A group of students from the College of Media and Communications recently traveled to Kuwait on a university-sponsored trip to study the print and broadcast media institutions in the country. While over there, our group was contacted by a former Red Wolf who is doing great things in Kuwait. We met up with him and talked about his job and experiences in the Middle East.
James Williams is a 2012 Arkansas State graduate and former offensive lineman for the football team who is now the head coach for the U-19 Kuwait Gridiron National Football team in Kuwait City, Kuwait. For the past five months James has lived in the country and helped build the U-19 football program at the grassroots level.
Day-to-day operations involve strength and conditioning, planning practices, and developing assistant coaches, among other things. About seventy Kuwaiti teenagers have registered with the program. Players on the team range from 9-18 years old. They practice in the evenings for an hour to an hour and a half and practices vary from pool water workouts to weight room sessions to on-the-field practices. During Ramadan, when players were fasting during the day, they had evening workouts at the pool.
There are some unique obstacles that James has to face such as the language barrier. While many players can speak basic English several words and nuances from football jargon simply do not translate. However, many players have followed the game in some aspect for a number of years. They see football on television and in movies and some wear the jerseys of their favorite NFL players. James’ experience as a player in NCAA Division 1 college football gives these young guys an opportunity to learn about organized football. The people who sign up for the team are curious about football and want to learn about the sport. It’s not only a unique opportunity for James but a unique opportunity for the teenagers to learn about a sport that is not widespread in their country.
Still, American football is spreading in Kuwait and across the globe. According to James, “It is amazing how this sport is growing so rapidly and has transcended national barriers. The sport is bringing together people from so many different backgrounds, ethnicities, and religions. We all immediately find common ground, joining together on the gridiron. The values the sport represents such as teamwork, sportsmanship, discipline, and overcoming adversity are relevant in every nation and these lessons last long after the final whistle, as young men hold on to these experiences and value the lessons learned as they grow and excel through their lives.”
In his role he is more than just a coach. He is a global ambassador for the game of football. “I’m really thankful for the opportunity to come and contribute to the development of the sport here.” There are about seventy countries throughout the world that play American football. Next year, Kuwait actually hosts the 2014 U19 World Championship for the International Federation of American Football. This championship will gather 8 teams from around the world to compete next July. The previous tournament was in Austin Texas, and James says that this will be a big moment “for the growth of the game, not only in the Middle East, but for the whole world.”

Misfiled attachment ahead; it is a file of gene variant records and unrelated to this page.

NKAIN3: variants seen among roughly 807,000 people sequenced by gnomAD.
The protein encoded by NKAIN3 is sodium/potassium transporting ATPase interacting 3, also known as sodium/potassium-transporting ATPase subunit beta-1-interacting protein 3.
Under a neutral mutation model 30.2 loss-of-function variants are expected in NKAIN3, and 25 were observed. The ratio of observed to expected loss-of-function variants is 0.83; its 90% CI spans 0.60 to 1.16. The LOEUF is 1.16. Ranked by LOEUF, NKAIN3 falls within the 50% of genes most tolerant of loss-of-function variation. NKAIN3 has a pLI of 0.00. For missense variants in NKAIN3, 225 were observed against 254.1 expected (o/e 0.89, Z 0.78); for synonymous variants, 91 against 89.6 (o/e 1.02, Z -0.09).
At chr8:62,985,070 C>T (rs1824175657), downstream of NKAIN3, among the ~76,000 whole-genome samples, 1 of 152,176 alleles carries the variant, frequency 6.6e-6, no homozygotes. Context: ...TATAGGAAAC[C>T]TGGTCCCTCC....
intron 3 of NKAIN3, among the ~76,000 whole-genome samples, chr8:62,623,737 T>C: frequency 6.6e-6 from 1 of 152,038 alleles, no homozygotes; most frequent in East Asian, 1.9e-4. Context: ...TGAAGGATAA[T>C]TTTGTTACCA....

There are three branches of the national team: flag, U-19, and senior. The senior team is coached by Paul Williams, no relation to James, who has been in Kuwait for almost 2 years. The Senior team recently played their first ever game in Kuwait against the Jeddah Jaws of Saudi Arabia. They will compete against the Korean national team in Seoul in April of 2014.
The national flag football team recently played in the European World Flag championships in Gothenburg Sweden. The tournament had twelve nations in attendance.
The U-19 squad led by James has not played yet but should play in two or three matches before next summer’s world championships hosted in Kuwait.
Life in the Middle East
James has adapted to life in Kuwait and Middle Eastern culture. “I definitely experienced culture shock when I arrived. Learning my way around and communicating around town was difficult in the beginning. There are many languages spoken here and people from across the planet. I once dreamed of traveling extensively and living abroad and now every day is a unique cultural immersion experience. The Middle East is a dynamic place and I am learning so many new things everyday like Arabic.”
While he’s across the globe, he’s still representing the Red Wolves. He says “ASU was a great time. I met a lot of great people, some really awesome professors, and I got to play for Coach Hugh Freeze. He really inspired our team to do big things with our life. That experience, I really hold close to my heart.”
For current Red Wolves athletes, James offers some candid advice: “Give your all in the classroom just like you do on the field.”
Excerpts from the interview are in this video:
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